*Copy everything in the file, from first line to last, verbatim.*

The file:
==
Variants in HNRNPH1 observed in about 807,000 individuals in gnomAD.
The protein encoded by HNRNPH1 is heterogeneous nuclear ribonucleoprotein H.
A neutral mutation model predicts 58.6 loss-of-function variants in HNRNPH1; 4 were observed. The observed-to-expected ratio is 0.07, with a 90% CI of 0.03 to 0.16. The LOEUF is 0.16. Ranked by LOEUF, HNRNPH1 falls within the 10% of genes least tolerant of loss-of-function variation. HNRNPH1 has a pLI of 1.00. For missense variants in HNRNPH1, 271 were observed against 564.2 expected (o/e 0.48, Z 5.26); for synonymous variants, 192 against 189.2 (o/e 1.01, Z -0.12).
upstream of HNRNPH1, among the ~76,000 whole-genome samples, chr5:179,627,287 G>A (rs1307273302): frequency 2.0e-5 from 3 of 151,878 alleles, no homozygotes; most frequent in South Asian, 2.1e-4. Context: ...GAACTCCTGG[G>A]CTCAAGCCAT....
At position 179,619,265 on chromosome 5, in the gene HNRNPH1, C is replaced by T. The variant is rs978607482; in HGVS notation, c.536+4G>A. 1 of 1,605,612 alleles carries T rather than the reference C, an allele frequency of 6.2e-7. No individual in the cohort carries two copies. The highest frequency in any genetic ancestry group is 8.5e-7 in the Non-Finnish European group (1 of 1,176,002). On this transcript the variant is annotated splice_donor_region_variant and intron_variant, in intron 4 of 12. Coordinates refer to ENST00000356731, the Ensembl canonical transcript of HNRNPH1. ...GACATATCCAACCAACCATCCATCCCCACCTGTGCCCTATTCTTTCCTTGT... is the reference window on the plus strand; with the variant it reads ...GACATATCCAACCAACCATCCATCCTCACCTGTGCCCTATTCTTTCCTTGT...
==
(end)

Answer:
Variants in HNRNPH1 observed in about 807,000 individuals in gnomAD.
The protein encoded by HNRNPH1 is heterogeneous nuclear ribonucleoprotein H.
A neutral mutation model predicts 58.6 loss-of-function variants in HNRNPH1; 4 were observed. The observed-to-expected ratio is 0.07, with a 90% CI of 0.03 to 0.16. The LOEUF is 0.16. Ranked by LOEUF, HNRNPH1 falls within the 10% of genes least tolerant of loss-of-function variation. HNRNPH1 has a pLI of 1.00. For missense variants in HNRNPH1, 271 were observed against 564.2 expected (o/e 0.48, Z 5.26); for synonymous variants, 192 against 189.2 (o/e 1.01, Z -0.12).
upstream of HNRNPH1, among the ~76,000 whole-genome samples, chr5:179,627,287 G>A (rs1307273302): frequency 2.0e-5 from 3 of 151,878 alleles, no homozygotes; most frequent in South Asian, 2.1e-4. Context: ...GAACTCCTGG[G>A]CTCAAGCCAT....
At position 179,619,265 on chromosome 5, in the gene HNRNPH1, C is replaced by T. The variant is rs978607482; in HGVS notation, c.536+4G>A. 1 of 1,605,612 alleles carries T rather than the reference C, an allele frequency of 6.2e-7. No individual in the cohort carries two copies. The highest frequency in any genetic ancestry group is 8.5e-7 in the Non-Finnish European group (1 of 1,176,002). On this transcript the variant is annotated splice_donor_region_variant and intron_variant, in intron 4 of 12. Coordinates refer to ENST00000356731, the Ensembl canonical transcript of HNRNPH1. ...GACATATCCAACCAACCATCCATCCCCACCTGTGCCCTATTCTTTCCTTGT... is the reference window on the plus strand; with the variant it reads ...GACATATCCAACCAACCATCCATCCTCACCTGTGCCCTATTCTTTCCTTGT...